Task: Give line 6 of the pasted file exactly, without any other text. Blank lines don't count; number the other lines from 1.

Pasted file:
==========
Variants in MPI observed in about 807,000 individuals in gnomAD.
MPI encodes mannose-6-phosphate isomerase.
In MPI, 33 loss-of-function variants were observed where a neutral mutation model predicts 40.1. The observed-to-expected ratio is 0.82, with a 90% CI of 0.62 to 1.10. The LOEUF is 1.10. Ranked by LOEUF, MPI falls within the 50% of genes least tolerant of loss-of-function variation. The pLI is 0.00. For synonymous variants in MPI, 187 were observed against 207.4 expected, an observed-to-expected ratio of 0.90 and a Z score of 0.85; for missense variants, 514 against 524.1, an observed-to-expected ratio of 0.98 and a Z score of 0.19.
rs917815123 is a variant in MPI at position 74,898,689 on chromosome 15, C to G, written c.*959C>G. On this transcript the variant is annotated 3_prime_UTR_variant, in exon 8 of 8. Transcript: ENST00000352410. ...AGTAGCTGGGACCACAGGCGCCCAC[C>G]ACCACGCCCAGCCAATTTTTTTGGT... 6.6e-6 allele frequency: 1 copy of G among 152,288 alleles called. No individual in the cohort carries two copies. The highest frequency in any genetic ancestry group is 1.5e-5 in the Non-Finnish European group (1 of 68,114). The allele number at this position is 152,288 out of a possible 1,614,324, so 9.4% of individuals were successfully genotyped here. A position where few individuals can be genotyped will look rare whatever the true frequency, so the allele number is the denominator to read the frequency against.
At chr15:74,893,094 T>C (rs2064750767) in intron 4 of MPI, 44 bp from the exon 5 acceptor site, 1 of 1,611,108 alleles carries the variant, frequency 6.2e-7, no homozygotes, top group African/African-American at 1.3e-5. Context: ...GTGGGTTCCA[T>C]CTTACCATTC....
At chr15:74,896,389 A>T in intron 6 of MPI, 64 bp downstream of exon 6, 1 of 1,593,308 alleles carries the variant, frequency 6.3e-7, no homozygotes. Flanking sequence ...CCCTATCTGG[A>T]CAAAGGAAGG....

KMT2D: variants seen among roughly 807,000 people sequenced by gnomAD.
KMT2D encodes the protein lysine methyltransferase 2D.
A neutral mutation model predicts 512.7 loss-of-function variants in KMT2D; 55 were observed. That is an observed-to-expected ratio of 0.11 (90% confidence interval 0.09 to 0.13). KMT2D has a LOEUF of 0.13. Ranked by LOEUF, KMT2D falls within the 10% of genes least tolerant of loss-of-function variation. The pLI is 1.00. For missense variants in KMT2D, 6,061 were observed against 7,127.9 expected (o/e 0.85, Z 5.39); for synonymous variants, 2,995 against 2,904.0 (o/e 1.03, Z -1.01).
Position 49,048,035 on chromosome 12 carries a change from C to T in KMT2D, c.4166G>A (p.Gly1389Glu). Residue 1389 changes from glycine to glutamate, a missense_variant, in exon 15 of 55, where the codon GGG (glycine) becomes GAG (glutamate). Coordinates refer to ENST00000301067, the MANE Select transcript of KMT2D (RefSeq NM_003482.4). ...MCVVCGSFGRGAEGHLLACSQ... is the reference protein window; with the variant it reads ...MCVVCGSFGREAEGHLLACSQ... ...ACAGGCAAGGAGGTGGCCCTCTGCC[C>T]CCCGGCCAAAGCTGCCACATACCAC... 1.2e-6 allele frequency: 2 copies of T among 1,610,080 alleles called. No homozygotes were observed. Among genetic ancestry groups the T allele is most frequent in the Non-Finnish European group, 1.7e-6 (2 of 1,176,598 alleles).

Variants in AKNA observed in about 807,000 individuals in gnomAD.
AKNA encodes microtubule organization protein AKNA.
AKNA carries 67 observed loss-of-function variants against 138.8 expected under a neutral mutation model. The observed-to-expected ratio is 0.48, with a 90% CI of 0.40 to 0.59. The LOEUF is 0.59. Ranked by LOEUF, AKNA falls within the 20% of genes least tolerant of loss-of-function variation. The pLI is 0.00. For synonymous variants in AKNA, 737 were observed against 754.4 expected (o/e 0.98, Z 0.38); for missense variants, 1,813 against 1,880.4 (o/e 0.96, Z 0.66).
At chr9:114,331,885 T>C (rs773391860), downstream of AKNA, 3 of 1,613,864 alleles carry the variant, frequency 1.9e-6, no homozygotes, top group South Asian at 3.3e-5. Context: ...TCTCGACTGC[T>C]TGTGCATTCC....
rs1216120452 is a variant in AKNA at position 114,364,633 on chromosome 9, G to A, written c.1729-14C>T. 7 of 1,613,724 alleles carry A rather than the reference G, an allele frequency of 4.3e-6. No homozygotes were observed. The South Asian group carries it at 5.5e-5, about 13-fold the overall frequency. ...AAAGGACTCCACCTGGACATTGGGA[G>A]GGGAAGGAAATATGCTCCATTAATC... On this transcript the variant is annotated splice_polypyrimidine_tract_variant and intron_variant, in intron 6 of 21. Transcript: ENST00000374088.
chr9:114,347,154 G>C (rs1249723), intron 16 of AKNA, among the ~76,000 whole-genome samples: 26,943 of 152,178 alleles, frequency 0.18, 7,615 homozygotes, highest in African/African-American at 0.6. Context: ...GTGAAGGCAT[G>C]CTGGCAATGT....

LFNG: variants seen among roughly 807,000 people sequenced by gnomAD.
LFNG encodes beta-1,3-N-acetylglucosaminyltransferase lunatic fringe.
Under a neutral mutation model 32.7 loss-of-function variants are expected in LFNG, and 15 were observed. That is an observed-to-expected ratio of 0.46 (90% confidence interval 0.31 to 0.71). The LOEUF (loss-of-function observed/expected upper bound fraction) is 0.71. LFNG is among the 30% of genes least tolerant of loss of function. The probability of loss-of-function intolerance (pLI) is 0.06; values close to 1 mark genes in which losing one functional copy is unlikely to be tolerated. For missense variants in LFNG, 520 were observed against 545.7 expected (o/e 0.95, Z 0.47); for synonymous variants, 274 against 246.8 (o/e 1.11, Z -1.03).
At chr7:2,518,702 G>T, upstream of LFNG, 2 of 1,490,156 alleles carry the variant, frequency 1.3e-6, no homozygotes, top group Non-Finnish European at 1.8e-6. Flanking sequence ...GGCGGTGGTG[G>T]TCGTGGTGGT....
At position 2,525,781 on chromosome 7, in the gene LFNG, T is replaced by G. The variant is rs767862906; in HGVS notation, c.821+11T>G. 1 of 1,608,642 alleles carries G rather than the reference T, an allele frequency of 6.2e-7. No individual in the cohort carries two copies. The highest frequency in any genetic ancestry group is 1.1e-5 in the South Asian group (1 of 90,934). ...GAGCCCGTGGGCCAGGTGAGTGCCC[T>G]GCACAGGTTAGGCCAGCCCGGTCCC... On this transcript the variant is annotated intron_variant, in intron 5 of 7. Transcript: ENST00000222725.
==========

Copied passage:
At chr15:74,896,389 A>T in intron 6 of MPI, 64 bp downstream of exon 6, 1 of 1,593,308 alleles carries the variant, frequency 6.3e-7, no homozygotes. Flanking sequence ...CCCTATCTGG[A>T]CAAAGGAAGG....